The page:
The police chief’s press briefing remarks, where he misstated the facts, have led to a flurry of inflammatory conspiracy theories
The January 28th drug raid at 7815 Harding Street turned out badly with two drug suspects killed in a shootout with the cops, four of whom were hit by the suspect’s gunfire.
The raid came after a reliable confidential informant purchased some black tar heroin at that alleged address. He informed his handler that inside the house there were a bunch of plastic baggies containing black tar heroin. The officers found no heroin. All they found was 18 grams of marijuana and 1.5 grams of cocaine. The couple who occupied the house, disabled Navy veteran Dennis Tuttle,59, and Rhogena Nicholas, 58, his wife of 21-years had no criminal record except for an old hot check charge against Nicholas which had been dismissed.
Houston’s police chief, Art Acevedo, held several press briefings on the raid. He implied the Harding Street house had a sophisticated surveillance system which should have alerted the occupants about the police. The house did not have any security cameras on the outside. Acevedo also said Tuttle should have known it was cops busting in his door because the police turned on the siren and flashing lights of a cop car parked outside. Since this was a ‘no knock’ raid, that seems highly unlikely. He claimed that Tuttle’s neighbors thanked him for getting rid of the drug house. But the Houston Chronicle interviewed every one of the neighbors, each describing Tuttle and his wife as good citizens. As for it being a drug house, they said, “They never had company” and “There was never traffic at that house. Never” and “They never noticed suspicious activity.” Several times Acevedo said the raid took place at 7815 Hardy Street, instead of 7815 Harding Street.
The raided house, as described in the search warrant affidavit, was a well-kept one-story cottage. A reporter did check out the 7815 Hardy Street address where he observed a dilapidated two-story house with its upstairs windows broken. The house was surrounded by a wrought iron fence and it had a number of high-tech security cameras on the outside. To the reporter that looked like a drug house. He thought the cops hit the wrong house.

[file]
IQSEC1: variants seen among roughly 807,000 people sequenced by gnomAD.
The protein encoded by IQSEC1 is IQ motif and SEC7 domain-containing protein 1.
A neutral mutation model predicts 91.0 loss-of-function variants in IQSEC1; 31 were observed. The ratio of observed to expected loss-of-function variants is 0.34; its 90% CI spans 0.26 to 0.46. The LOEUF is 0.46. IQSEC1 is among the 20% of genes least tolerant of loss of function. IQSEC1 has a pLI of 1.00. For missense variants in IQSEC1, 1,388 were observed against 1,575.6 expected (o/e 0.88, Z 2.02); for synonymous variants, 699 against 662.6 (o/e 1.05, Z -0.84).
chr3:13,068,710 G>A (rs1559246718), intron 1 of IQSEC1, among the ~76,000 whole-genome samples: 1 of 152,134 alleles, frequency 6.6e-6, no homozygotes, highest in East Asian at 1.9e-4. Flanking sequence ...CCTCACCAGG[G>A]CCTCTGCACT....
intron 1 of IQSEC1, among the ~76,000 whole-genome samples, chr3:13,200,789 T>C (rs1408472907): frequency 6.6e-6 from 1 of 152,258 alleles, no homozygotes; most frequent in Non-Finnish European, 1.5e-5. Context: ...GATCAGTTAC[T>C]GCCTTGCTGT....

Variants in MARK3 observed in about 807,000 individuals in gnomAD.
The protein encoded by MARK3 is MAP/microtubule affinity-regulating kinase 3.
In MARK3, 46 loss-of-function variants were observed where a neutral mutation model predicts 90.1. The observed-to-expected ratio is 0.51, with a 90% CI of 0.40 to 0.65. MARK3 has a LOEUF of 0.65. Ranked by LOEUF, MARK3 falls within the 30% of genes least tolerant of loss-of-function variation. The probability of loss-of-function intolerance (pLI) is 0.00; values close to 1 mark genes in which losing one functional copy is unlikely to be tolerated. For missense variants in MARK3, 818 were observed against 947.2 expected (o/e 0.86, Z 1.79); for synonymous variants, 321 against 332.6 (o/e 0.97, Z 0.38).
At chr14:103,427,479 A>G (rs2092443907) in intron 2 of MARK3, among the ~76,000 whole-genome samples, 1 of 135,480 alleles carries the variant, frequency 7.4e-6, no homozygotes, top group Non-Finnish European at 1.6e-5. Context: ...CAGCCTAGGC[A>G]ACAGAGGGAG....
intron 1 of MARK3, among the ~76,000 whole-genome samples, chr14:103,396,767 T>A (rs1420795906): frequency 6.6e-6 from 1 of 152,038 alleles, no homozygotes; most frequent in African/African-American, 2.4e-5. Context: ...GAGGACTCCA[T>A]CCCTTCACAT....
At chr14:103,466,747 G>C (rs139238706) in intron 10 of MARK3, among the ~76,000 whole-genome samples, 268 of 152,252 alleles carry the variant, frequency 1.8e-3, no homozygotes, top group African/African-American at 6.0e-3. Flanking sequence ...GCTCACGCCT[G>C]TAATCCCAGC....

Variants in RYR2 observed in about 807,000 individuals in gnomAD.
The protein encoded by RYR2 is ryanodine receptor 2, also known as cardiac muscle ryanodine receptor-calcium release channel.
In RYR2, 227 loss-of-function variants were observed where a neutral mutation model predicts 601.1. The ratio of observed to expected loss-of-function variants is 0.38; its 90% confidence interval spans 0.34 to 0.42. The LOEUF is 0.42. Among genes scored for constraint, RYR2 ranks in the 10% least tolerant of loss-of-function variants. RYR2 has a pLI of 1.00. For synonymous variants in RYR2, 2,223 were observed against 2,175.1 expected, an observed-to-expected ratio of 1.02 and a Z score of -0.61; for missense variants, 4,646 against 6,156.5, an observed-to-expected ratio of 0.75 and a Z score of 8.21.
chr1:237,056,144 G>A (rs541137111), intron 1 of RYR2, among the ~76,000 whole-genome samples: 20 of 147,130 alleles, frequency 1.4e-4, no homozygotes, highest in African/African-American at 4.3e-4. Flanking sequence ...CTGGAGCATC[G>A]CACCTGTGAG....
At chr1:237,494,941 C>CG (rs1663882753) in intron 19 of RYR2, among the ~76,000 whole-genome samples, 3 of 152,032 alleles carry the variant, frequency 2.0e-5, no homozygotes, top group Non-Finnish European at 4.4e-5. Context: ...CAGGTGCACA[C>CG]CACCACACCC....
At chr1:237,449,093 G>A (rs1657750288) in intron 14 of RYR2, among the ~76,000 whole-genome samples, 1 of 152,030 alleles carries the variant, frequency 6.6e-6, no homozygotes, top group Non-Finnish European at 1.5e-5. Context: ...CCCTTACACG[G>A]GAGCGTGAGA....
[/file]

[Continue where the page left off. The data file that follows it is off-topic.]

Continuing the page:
I’ve been on many narcotic raids and not one of them led to a shootout, even though in most cases the suspects had firearms. On one raid we did have to shoot a pit bull that was about to take some bites out of one officer. It all boils down to meticulous planning, pre-raid orientation of all participants and careful execution of the raid. On every occasion we found a large quantity of narcotics, and usually a substantial amount of cash at the place we raided. In one raid we found a large bag of meth tied to the suspect’s penis. In other words, when raiding a drug house one would expect to find evidence of it actually being a place where narcotics are sold.
Search warrant affidavits are only as good as the integrity of the officer(s) composing that document and the prosecutor who assisted in its composition. Was the search warrant in the Houston raid based on a careless worded or worse, fabricated affidavit? I certainly hope not.
As for Acevedo, he was damaged goods when Mayor ‘Slyvestor’ Turner hired him. Reports from Austin indicate he was about to be canned over a rape kit scandal – the kits were piling up untested and the head of the sex crimes unit was punished for not lying about it. Allegedly, Acevedo removed the sergeant of Austin PD’s sex crimes unit for refusing his order to say rapes were going unsolved because the victims refused to testify, a blatant lie. Instead she told the truth, that rapes were not being solved because the rape kits were not being tested. And quicker than you can say Art Acevedo, she was out as head of the sex crimes unit.
Now Acevedo has embarrassed HPD and the city of Houston. His press briefing remarks, where he misstated the facts, have led to a flurry of inflammatory conspiracy theories, many of which accuse the Houston cops of murdering two innocent people.
You do not need to defend what’s right and you cannot defend what’s wrong. That seems to be a lesson Acevedo either ignored or never learned, as evidenced by the reckless way he responded to questions thrown at him by reporters.
Acevedo should be fired regardless of how the investigation into the Harding Street drug raid falls out.